Google Chrome: How to make it faster, smarter and better than before

Google's Chrome is already one of the fastest web browsers on the block

By Alex Wawro,Marco Chiappetta, PC World |  Networking, google chrome

"Careful, these experiments may bite!WARNING These experimental features may change, break, or disappear at any time. We make absolutely no guarantees about what may happen if you turn one of these experiments on, and your browser may even spontaneously combust. Jokes aside, your browser may delete all your data, or your security and privacy could be compromised in unexpected ways. Any experiments you enable will be enabled for all users of this browser. Please proceed with caution."

Though the stuff we'll discuss doing in this article is more likely to cause simple rendering errors or to adversely affect performance than to wreak any major havoc, caution is appropriate.

Flipping switches

Google Chrome's flags menu presents a long list of experimental options, only a few of which focus on performance. They include the following seven options.

Override software rendering list Mac, Windows, Linux, Chrome OS: This option overrides Chrome's built-in software rendering list and permits GPU acceleration on unsupported system configurations. If you're running experimental GPU drivers, switching this flag on will probably shorten loading times for games and videos.

GPU compositing on all pages Mac, Windows, Linux: This option will force GPU-accelerated compositing on all webpages, not just those with GPU-accelerated layers. Enabling this option will probably give you a minor speed boost across the board.

Threaded compositing Mac, Windows, Linux, Chrome OS: Threaded compositing will launch a secondary thread on multicore systems dedicated to webpage compositing. Enabling this option may result in smoother scrolling, even if the main thread is busy with other processing duties.

Disable accelerated 2D canvas Mac, Windows, Linux, Chrome OS: Disabling this option prevents the GPU from performing 2D canvas rendering and causes it instead to use the hot CPU for software rendering.

Disable accelerated CSS animations Mac, Windows, Linux, Chrome OS: When threaded compositing is active, accelerated CSS animations run on the compositing thread. However, running accelerated CSS animations, even without the compositor thread, may yield performance gains.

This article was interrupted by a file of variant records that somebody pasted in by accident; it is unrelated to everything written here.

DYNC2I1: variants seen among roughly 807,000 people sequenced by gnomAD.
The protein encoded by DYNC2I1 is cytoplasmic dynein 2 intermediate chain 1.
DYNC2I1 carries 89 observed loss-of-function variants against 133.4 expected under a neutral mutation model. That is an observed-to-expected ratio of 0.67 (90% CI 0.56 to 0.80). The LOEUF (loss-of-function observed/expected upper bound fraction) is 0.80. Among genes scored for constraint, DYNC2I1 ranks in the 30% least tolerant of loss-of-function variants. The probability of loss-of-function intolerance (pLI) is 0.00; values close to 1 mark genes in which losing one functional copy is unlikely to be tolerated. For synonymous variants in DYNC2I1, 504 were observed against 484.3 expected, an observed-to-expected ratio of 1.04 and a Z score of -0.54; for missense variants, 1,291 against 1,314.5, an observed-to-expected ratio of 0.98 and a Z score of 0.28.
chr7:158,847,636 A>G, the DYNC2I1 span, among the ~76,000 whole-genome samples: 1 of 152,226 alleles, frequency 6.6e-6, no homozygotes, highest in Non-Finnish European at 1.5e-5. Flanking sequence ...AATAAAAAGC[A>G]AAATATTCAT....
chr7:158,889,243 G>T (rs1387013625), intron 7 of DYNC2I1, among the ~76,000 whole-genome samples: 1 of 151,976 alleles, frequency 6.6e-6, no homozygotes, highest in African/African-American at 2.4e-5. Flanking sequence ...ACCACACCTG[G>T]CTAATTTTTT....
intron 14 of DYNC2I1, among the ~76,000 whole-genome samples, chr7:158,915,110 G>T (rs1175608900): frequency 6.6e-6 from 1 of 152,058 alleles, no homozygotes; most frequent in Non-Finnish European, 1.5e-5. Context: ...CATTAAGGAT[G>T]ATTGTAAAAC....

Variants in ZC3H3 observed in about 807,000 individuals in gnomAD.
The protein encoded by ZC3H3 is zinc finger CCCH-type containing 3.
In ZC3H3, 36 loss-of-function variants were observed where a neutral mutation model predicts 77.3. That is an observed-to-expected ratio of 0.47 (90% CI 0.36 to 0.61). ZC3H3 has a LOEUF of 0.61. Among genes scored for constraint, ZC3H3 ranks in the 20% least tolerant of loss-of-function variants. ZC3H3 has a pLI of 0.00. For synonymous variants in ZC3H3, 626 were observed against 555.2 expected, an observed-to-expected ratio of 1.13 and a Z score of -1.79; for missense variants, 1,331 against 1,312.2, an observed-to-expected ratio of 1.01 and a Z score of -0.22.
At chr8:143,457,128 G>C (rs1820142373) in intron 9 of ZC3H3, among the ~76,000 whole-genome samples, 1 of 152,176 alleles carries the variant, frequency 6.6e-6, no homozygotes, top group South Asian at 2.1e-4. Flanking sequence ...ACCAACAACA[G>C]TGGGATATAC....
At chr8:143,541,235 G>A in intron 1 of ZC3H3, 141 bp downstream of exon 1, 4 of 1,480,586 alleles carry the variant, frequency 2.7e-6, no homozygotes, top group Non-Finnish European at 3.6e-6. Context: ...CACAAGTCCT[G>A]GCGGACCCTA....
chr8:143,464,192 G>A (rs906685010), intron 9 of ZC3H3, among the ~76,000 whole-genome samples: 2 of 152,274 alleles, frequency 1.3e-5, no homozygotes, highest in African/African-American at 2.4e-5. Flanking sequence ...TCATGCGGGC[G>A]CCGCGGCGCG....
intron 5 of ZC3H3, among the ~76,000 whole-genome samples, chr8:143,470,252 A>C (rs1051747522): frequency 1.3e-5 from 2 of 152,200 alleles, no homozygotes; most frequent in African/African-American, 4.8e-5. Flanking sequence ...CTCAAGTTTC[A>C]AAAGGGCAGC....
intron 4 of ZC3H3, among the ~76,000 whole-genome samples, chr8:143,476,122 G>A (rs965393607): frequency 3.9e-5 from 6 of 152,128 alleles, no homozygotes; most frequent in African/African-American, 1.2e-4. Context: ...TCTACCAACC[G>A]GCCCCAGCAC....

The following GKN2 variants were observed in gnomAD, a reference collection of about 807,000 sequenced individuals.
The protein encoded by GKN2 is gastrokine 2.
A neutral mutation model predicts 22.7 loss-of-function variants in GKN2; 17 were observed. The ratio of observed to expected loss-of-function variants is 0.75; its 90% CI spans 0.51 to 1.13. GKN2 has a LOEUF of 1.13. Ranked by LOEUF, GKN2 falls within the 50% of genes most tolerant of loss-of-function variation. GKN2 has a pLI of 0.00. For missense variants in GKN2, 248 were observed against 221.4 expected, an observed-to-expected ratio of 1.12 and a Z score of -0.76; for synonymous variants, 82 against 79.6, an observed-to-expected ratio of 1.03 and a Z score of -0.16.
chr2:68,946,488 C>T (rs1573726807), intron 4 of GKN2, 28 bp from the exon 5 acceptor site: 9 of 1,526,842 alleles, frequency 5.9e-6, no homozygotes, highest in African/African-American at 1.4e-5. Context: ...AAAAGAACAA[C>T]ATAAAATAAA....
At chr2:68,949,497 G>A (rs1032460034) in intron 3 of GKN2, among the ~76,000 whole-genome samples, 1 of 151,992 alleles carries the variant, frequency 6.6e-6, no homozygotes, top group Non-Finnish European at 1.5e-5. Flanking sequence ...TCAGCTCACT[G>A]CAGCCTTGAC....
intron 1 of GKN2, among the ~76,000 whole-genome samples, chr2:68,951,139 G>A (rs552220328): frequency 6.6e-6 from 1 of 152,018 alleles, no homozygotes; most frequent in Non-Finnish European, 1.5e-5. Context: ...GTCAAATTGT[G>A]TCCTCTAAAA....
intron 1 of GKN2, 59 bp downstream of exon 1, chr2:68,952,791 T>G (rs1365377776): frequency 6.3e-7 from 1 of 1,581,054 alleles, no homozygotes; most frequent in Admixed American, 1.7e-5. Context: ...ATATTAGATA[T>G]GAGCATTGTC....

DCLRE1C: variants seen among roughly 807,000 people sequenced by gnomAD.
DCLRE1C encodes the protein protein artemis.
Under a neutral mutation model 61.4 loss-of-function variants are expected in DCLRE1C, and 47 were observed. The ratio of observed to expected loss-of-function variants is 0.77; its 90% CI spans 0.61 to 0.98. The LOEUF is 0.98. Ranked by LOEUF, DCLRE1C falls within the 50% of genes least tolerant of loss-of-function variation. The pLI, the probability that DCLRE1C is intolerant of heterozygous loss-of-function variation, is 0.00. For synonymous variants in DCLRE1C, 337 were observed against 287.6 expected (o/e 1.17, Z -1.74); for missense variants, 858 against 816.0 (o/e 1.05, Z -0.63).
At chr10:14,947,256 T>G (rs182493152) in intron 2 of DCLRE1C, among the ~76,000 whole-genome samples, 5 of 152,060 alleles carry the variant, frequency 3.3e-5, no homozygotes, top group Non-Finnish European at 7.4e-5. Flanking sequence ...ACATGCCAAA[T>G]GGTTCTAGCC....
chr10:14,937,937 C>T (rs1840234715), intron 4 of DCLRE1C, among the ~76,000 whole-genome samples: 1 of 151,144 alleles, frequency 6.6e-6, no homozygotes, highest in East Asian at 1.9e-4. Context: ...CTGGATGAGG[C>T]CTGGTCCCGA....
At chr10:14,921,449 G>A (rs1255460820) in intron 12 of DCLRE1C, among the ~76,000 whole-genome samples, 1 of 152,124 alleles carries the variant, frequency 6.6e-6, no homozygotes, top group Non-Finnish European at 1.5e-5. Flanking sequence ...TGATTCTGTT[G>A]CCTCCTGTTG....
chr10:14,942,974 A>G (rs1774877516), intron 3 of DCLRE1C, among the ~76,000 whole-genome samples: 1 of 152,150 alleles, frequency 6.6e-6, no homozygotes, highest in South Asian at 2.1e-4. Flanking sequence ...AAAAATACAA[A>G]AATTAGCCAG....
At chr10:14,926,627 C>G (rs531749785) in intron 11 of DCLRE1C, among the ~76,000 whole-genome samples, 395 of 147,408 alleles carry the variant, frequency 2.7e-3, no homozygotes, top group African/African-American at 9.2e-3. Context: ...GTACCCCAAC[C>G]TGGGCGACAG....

GPU Accelerated SVG Filters Mac, Windows, Linux, Chrome OS: This option taps your GPU to accelerate the rendering of scalable vector graphics filters, which could speed up the loading process on websites that use a lot of heavy drop shadows or other visual filter effects.

Disable GPU VSync Mac, Windows, Linux, and Chrome OS: If you're a gamer, you've probably heard of vertical sync, aka Vsync. Shutting off Vsync disables synchronization with your monitor's vertical refresh rate. If your monitor has a refresh rate of 60Hz, for example, disabling Vsync allows the GPU to output at a rate faster than 60Hz--or 60 frames per second--when possible.

Depending on your system's configuration and on your version of Chrome, some of these options may or may not be enabled by default. And depending on the graphics drivers and OS updates you've installed, some of them may not have any effect on performance at all. Nevertheless, it's worth experimenting with them and visiting your favorite websites to see if they produce any benefits. In our experience, the Accelerated 2D canvas and GPU compositing options offer the most extensive advantages. On the other hand, disabling Vsync seemed to cause rendering issues on our Windows 8 Pro-based test systems on websites that use HTML5 animations.

Establishing the benefits (or drawbacks) of many of the experimental settings mentioned above proved to be rather difficult. We did, however, observe some performance differences when we ran quick tests using Rightware's BrowserMark and some of the browser benchmarks available on the IE 10 Test Drive site.


Originally published on PC World |  Click here to read the original story.
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